Simulating an Automotive Load Dump¶
Load dump is primarily an inductive phenomenon, and it would probably be easier to simulate it that way, too. You don’t really need to simulate the full energy of an actual automotive load dump; you just need to create the same voltage waveform across the supply terminals of your device.
Put a largish inductor (on the order of 1H, perhaps the primary of a large power transformer) in series with your device (i.e., connect the device to the power supply through the inductor). This represents the inductance of the automobile charging system.
Put a few µF of capacitance across (in parallel with) your device; this represents the distributed capacitance of the automobile wiring, and helps to limit the risetime of the load dump event. Make sure this capacitor is rated for a few hundred volts.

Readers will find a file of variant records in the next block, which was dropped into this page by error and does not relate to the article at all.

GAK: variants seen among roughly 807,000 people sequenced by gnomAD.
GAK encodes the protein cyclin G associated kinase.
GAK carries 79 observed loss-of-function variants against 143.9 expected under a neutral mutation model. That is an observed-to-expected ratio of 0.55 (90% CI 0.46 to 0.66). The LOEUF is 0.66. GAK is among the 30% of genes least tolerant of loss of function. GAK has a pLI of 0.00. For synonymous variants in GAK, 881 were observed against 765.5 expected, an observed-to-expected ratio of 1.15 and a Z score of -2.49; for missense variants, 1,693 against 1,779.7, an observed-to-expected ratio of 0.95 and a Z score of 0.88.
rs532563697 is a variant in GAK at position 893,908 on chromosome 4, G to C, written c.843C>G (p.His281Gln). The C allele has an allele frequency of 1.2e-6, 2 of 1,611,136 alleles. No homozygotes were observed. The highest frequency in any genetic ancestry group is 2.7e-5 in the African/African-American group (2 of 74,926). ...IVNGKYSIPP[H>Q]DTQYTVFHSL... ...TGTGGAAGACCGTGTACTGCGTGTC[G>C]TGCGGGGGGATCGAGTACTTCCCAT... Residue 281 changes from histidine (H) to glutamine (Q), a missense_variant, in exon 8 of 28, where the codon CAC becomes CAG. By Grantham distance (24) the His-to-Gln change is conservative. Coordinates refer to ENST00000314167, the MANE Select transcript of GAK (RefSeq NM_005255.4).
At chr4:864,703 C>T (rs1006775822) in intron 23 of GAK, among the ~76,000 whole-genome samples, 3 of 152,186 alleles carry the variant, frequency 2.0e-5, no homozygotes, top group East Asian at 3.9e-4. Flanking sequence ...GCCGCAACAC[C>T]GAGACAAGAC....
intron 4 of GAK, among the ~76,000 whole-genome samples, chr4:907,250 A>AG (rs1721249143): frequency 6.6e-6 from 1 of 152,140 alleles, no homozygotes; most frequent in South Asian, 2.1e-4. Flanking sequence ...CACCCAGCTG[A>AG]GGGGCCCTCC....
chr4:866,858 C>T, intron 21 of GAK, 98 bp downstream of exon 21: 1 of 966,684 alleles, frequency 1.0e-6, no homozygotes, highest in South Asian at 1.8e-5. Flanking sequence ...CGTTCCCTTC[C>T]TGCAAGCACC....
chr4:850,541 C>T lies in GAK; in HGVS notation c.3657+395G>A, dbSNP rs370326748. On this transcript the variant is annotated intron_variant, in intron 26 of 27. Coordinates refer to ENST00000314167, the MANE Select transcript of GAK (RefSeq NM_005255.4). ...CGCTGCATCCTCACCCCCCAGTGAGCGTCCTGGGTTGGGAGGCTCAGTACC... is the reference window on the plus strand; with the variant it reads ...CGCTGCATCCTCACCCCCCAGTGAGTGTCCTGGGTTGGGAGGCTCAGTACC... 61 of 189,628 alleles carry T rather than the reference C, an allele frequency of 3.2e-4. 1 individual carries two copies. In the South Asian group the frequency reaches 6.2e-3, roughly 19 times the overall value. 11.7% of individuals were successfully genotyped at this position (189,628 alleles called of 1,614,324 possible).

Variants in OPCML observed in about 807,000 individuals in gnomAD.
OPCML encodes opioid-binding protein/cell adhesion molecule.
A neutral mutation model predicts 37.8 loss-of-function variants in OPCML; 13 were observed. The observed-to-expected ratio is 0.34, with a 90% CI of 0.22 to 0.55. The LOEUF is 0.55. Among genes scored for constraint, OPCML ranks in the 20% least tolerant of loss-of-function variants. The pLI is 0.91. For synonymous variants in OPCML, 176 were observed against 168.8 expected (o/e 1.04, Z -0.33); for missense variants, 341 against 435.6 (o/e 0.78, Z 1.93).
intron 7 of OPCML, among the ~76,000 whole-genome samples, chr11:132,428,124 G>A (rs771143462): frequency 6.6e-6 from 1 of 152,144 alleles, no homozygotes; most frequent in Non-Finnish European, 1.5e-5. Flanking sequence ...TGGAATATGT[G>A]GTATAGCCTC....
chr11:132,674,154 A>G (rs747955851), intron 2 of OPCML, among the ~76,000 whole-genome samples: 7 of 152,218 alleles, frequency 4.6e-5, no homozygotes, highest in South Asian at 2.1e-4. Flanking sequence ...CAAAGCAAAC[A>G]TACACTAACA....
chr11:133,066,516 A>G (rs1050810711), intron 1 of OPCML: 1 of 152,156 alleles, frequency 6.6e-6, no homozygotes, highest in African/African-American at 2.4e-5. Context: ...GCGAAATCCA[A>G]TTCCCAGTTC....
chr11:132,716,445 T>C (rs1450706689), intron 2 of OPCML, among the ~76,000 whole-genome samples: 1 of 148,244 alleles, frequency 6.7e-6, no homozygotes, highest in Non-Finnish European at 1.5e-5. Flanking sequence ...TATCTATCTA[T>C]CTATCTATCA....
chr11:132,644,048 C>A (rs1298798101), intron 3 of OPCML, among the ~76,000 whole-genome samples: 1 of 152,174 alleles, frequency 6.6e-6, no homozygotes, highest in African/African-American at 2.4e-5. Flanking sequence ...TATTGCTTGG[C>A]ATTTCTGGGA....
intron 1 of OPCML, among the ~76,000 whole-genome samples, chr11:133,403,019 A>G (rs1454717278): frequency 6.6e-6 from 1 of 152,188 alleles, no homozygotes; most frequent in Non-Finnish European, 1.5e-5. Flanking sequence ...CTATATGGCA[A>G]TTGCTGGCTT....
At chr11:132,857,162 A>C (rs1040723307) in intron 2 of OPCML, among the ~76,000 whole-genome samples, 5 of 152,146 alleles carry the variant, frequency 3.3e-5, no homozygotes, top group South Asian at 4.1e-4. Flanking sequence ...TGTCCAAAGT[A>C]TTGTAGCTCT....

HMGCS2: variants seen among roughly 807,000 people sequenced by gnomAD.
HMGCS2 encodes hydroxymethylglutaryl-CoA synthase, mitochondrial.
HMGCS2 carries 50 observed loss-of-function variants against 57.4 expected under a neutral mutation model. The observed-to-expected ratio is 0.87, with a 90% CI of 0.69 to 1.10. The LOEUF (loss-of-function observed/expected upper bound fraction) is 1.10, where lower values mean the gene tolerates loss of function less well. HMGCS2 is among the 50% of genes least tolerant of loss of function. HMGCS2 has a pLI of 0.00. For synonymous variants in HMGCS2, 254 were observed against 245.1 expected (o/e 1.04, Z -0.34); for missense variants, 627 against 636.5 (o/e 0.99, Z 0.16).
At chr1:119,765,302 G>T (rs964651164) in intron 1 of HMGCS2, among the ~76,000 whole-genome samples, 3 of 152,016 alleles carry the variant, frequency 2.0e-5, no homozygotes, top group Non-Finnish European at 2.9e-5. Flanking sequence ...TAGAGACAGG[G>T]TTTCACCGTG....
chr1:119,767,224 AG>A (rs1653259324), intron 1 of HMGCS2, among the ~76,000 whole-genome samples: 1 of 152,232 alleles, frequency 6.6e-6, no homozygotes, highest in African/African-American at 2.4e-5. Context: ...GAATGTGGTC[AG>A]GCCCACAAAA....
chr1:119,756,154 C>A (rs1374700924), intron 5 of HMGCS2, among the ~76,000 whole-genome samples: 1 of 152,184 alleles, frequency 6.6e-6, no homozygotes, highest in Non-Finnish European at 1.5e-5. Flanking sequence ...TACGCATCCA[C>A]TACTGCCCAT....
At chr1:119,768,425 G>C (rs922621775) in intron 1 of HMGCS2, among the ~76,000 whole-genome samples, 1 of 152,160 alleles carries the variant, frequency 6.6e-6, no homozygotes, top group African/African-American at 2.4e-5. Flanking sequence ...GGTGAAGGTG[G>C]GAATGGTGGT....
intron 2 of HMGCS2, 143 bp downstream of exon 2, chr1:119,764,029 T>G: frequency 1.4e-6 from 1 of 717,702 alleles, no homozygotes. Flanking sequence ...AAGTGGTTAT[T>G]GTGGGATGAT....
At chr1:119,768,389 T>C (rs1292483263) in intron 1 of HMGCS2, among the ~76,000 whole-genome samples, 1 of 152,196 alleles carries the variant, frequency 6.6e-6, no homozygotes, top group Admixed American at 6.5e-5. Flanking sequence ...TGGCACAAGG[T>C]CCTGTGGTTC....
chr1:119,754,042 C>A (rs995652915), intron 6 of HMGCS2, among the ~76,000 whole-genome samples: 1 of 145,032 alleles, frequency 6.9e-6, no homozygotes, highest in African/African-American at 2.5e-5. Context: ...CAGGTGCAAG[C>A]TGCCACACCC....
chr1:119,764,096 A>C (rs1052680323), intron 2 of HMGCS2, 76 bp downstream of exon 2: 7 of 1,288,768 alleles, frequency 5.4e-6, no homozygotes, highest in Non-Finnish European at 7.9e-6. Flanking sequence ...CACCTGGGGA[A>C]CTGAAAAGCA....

Put a 120Ω resistor in parallel with your device, too. This represents other loads within the automobile, and will set an upper limit on the peak voltage that the load dump creates. (This resistor will be drawing 100 mA and dissipating 1.2W.)
Now, connect a low-value, high-power resistor across your device, in series with a switch. This represents the load that is going to get “dumped”. The value of the resistor should be such that the DC current doesn’t exceed the power supply’s capability, and you can adjust the current with respect to the value of the inductor to dump a specific amount of energy (0.5×I2×L). For example, if your inductor is 1H and your resistor is 12Ω (@ 12W), you’ll be drawing 1A, and the stored energy will be 0.5 Joules.
Close the switch, then open it — there’s your load dump event. With these resistor values, the peak voltage will be on the order of 100-120V. You can use different resistor values to simulate different kinds of events.
(If any of this isn’t clear, let me know and I’ll make a diagram.)